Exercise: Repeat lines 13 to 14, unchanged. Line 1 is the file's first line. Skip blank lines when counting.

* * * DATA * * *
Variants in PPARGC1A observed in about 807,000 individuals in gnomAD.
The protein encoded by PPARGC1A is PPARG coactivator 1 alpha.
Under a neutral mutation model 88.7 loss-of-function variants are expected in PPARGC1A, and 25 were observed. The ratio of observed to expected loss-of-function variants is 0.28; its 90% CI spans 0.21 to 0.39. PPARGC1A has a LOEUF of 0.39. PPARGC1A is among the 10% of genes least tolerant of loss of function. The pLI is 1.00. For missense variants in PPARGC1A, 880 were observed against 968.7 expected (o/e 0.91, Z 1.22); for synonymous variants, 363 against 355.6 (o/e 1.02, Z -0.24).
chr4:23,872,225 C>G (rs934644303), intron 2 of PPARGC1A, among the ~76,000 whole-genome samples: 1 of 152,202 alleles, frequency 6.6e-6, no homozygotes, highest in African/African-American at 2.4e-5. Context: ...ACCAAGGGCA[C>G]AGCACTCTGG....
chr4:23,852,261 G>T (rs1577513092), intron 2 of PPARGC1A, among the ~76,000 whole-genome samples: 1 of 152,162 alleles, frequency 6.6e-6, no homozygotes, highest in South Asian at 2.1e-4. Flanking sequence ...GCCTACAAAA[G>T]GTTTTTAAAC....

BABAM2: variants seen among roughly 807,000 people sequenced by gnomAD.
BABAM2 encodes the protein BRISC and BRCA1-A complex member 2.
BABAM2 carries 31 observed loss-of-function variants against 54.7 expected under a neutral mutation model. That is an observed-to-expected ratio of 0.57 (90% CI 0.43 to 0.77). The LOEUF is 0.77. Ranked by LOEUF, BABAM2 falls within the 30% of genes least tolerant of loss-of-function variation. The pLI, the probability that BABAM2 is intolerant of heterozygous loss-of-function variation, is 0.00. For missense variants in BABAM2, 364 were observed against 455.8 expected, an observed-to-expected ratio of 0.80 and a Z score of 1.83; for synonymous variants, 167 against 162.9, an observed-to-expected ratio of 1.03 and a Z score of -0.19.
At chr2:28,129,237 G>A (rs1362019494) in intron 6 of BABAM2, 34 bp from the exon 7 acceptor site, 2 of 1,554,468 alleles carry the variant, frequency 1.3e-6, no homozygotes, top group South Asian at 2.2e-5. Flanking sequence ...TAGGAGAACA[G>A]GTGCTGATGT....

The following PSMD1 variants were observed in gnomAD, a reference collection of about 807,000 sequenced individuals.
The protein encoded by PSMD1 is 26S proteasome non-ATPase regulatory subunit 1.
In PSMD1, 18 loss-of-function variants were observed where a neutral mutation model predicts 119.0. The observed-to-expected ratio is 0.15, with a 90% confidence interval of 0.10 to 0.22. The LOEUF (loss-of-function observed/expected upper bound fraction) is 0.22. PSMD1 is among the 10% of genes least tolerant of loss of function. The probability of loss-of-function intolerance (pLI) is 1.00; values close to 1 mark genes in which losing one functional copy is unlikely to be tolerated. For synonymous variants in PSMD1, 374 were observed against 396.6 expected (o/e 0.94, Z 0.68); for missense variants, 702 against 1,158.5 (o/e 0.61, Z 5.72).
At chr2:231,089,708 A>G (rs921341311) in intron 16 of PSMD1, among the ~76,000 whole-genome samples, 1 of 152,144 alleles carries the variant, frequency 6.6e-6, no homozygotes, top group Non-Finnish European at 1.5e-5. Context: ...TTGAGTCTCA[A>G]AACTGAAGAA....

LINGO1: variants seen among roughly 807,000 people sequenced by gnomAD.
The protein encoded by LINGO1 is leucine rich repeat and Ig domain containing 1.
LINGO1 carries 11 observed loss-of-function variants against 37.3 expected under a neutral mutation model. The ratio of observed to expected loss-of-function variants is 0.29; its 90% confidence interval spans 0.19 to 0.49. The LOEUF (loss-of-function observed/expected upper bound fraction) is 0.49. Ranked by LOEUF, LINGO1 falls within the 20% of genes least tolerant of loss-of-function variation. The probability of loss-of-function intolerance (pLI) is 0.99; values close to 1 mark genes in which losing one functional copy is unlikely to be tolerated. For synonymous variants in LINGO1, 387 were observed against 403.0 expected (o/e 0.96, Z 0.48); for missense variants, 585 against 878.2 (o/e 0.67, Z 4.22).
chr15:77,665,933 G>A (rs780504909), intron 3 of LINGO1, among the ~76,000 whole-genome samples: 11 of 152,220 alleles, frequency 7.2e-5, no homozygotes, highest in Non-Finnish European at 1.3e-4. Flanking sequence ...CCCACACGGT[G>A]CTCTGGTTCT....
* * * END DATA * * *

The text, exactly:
At chr2:231,089,708 A>G (rs921341311) in intron 16 of PSMD1, among the ~76,000 whole-genome samples, 1 of 152,144 alleles carries the variant, frequency 6.6e-6, no homozygotes, top group Non-Finnish European at 1.5e-5. Context: ...TTGAGTCTCA[A>G]AACTGAAGAA....

LINGO1: variants seen among roughly 807,000 people sequenced by gnomAD.